Jim Carrey, Steve Carell, Carol Burnett, Will Arnett, Amy Poehler, Jonah Hill, Seth Rogen, Isla Fisher, Dane Cook
Jimmy Hayward, Steve Martino
Cinco Paul, Ken Daurio
20th Century Fox
It would take a Grinch to rain on the parade of "Horton Hears a Who," a heartwarming and affectionate spin on Dr. Seuss's classic children's book that makes it almost possible to forgive Jim Carrey for his live action work as the aforementioned Grinch in 2000's "How the Grinch Stole Christmas."
Seuss's widow reportedly advocated for Carrey as Horton, impressed with his performance despite the film's widely recognized mediocrity.
Indeed, with live action Seuss behind him Carrey is free to let his inner vibrant exuberance bounce across the screen freely as the innocently curious Horton, an elephant who one day discovers the world of Whoville existing on a passing speck of dust. Horton commits himself to protecting the residents of Whoville, including its Mayor (Steve Carell) and a host of delightful characters.
An oppositional kangaroo (Carol Burnett) tries to get in his way supported by the mercenary meanderings of a delightfully difficult eagle of sorts (Will Arnett). Seth Rogen, Jonah Hill and Isla Fishers are equally enterprising and worthy cinematic co-horts.
While "Horton Hears a Who" takes a few script liberties that may irritate Seuss purists, the folks at Blue Sky Studios ("Robots") have remained surprisingly faithful to Seuss's whimsical and loving spirit with both their non-rhyming dialogue and a layered visual style that is quite fantastic. It must be noted, however, that purists were not forgotten as ever so often one of Seuss's trademark rhyming couplets will surface to the delight of adults and children alike.
Whereas the recent live-action adaptations of Seuss have tried to take the "Shrek" route by including pop-culture and adult references, "Horton Hears a Who" is pointedly aimed at the kiddies while remaining fast paced and entertaining enough to hold the interest of adults and accompanying parents.
"A person's a person, no matter how small," Horton says, a simple value that radiates throughout the wonderfully spirited film. Horton is loyal and he never forgets, and it is his willingness to stand up for what he believes in even when everyone else thinks he's crazy that makes him so completely delightful. While they never recorded their scenes together, Carrey and Carell have such a wondrous vocal chemistry that it is impossible to watch "Horton Hears a Who" without possessing a similar faith in this most unlikely friendship that develops.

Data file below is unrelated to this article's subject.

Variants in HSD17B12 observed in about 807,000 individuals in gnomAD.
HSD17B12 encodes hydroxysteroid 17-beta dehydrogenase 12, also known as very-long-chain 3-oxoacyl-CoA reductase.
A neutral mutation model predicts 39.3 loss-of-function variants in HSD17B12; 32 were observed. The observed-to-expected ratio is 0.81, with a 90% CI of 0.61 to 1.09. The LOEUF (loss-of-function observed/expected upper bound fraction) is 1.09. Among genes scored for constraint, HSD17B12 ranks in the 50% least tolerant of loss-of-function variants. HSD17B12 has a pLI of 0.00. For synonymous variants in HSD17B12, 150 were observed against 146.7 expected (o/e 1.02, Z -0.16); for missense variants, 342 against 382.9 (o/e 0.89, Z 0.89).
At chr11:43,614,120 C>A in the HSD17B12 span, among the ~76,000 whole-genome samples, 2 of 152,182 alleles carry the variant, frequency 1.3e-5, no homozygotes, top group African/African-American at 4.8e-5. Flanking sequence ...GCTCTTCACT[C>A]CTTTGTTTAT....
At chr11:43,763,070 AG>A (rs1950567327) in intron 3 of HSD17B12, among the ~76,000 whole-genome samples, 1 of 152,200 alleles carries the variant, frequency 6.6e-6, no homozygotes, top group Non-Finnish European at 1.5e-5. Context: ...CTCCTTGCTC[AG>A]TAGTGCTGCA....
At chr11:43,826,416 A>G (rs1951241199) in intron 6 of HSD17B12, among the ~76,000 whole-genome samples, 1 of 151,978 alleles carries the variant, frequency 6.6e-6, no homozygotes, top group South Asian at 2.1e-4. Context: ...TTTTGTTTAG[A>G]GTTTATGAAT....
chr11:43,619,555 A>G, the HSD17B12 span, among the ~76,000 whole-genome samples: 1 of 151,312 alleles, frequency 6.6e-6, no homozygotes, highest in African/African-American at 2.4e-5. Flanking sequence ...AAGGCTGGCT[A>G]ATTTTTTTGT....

While not all the gags work, even the lamest gags are visually delightful and, occasionally, adults are likely to watch the screen smiling as Horton brings alive John F. Kennedy while the kids will still be watching the scene utterly captivated by the more literal goings on.
The Jungle of Nool, perhaps Blue Sky's most impressive creation, is filled to the brim with a kaleidoscope of characters that would overwhelm Mr. Magorium but will enchant audiences. With dialogue that occasionally feels as if it might be right at home in a Shel Silverstein piece, "Horton Hears a Who" innocently, sweetly and mischievously dances through Whoville in ways that are difficult to describe and equally as difficult to forget.
While Carrey literally splatters himself across the screen, Carell adds a surprising touch of tenderness as the befuddled Mayor and father of 96 daughters, one son and an ever-loving wife. Burnett reminds us all why she's one of history's greatest comediennes, and the supporting cast, most notably Arnett, all captivate despite the undeniable fact that "Horton Hears a Who" is clearly a Carrey, Carell and Burnett ballet.
Undeniably fun and entertaining to boot, Dr. Seuss would be proud "Horton Hears a Who" is a hoot.
|© Written by Richard Propes
The Independent Critic